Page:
Lord Arkus of Blackriver Castle is a known villain, his respected enemy is King Ramian and his son, Prince Kellemar of Dalvanna. Lord Arkus wants to capture a gormack to serve him. Instead he captures a sparkling, Tulip, who he renames Jarvi. Jarvi must serve his new master for a period of 5 years.

Lord Arkus has only one fear - The Beast. His only safe spot is a white tower, the beast cannot harm him when he is near the white tower. Lord Arkus travels with Jarvi and comes upon a new land with a new king, his beatiful daughter and his son, Phillip. These people have no army, as they had not been attacked for many years. Lord Arkus somehow saves the princess (although his original plan was to capture her) and becomes their hero. No matter what he does, he continues to appear as a hero, not a villain as he truly is, even when all is revealed.

Comical cast of characters, heros, villains, royalty, etc. Very entertaining reading, not the serious type of works usually written. Short time frame, easy to see how book 2 could be very popular to continue the story. A few spelling errors that could have easily been corrected, but overall a very good read. ( )
  sewolf0310 | Jun 3, 2012 |

This is...going to be a bit of a weird, catch-all review, because the fact is, I have never listened to an entire audiobook.  I've tried, I really have, but generally the reader gets about 3 sentences out before I say, Um, no.  The farthest I've ever gotten in an audio was about 1/4 of the way through The Forest of Hands and Teeth - and though I really actually did like the narration, the only reason I even picked it up was to refresh my memory on the story and style.  So agreeing to review an audio was a gamble, as I let Laura know.  And I'm going to try to address both the story and the audio aspect, but in the end, I feel like I can't quite separate the two, and couldn't tell you whether I liked the story because of the narration, or liked the narration because of the story.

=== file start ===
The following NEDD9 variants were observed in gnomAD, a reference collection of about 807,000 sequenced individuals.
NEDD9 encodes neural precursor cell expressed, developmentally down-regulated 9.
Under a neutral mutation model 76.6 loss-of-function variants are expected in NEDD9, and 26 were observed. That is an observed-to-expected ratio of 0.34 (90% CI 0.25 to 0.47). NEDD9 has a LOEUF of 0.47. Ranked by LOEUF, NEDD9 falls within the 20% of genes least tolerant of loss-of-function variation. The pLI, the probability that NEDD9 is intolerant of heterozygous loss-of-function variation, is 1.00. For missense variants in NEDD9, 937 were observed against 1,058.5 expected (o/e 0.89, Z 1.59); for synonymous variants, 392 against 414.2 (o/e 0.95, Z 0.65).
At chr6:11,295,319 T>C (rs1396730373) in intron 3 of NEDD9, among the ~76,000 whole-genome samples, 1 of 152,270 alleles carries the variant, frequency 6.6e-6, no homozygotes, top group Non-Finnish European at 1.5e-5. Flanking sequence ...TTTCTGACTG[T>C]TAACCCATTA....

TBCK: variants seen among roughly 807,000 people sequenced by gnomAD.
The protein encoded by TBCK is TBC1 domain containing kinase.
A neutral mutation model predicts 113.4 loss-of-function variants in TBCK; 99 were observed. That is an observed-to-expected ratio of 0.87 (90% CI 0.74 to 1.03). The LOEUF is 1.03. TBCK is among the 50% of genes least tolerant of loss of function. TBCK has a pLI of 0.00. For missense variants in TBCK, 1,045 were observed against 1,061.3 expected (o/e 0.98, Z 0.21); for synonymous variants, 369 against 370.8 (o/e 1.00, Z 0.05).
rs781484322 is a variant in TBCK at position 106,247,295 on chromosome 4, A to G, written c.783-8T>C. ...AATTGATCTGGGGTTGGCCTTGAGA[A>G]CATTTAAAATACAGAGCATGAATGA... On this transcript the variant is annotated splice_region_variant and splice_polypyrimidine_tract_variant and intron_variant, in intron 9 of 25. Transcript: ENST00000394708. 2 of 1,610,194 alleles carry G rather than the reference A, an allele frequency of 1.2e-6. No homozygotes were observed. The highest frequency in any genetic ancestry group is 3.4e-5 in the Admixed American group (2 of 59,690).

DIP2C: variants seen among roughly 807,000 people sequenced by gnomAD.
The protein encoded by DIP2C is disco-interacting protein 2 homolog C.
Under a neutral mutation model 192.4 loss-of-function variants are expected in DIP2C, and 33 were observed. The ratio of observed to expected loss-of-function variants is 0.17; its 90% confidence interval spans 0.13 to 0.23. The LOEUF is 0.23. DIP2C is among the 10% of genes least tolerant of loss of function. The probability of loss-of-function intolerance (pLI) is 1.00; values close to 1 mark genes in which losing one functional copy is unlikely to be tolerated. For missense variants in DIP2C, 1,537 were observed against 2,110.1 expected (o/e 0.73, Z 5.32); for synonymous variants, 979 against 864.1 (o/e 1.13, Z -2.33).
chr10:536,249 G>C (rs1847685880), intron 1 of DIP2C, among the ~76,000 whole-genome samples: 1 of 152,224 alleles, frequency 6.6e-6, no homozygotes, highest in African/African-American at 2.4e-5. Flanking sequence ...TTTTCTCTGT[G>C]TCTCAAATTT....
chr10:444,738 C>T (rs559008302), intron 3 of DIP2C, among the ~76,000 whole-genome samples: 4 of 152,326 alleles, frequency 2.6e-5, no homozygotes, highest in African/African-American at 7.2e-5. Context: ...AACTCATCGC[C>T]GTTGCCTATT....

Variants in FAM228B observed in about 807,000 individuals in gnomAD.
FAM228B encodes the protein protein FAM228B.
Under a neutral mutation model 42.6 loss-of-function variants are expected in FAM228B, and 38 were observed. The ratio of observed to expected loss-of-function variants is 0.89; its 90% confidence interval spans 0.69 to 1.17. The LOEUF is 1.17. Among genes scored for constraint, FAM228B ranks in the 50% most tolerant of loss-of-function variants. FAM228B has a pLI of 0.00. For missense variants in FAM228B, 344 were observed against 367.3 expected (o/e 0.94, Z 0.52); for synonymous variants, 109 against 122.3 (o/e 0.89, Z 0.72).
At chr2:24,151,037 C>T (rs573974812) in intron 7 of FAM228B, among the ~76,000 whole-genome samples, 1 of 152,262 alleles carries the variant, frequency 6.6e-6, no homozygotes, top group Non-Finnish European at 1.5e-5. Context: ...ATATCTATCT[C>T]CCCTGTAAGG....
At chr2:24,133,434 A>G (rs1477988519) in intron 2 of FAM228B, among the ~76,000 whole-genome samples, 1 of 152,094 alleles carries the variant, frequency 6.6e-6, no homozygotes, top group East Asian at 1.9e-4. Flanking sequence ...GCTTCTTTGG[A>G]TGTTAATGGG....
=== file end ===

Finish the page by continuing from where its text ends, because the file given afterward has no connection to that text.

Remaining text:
Because I did like it.  There was a huge adjustment period, though. Probably the first 40 minutes was spent with me not being able to focus and finding that my mind had drifted and 10 minutes of audio had passed with out me really absorbing a thing.  And I can't really blame that on the story or the narration, because I don't think either was to blame. It's just...I don't like being read too. I was the weird kid that didn't say "Read me a story" but said "I can do it myself!" My mom has this habit of bringing magazines or articles to my attention and saying, "Did you see this?" and proceeding to read them to me. I'm sure most people would find them endearing, but my mom should know better. She knows I hate being read to. I really, really do and I couldn't not tell you why. It just makes my brain feel...cluttered. And I'm sure part of it is some insane control thing, too. So yeah, like I said, this was a gamble. I process differently when I'm listening instead of looking, and it took my brain a bit to switch over and accept that this was how the story was being told.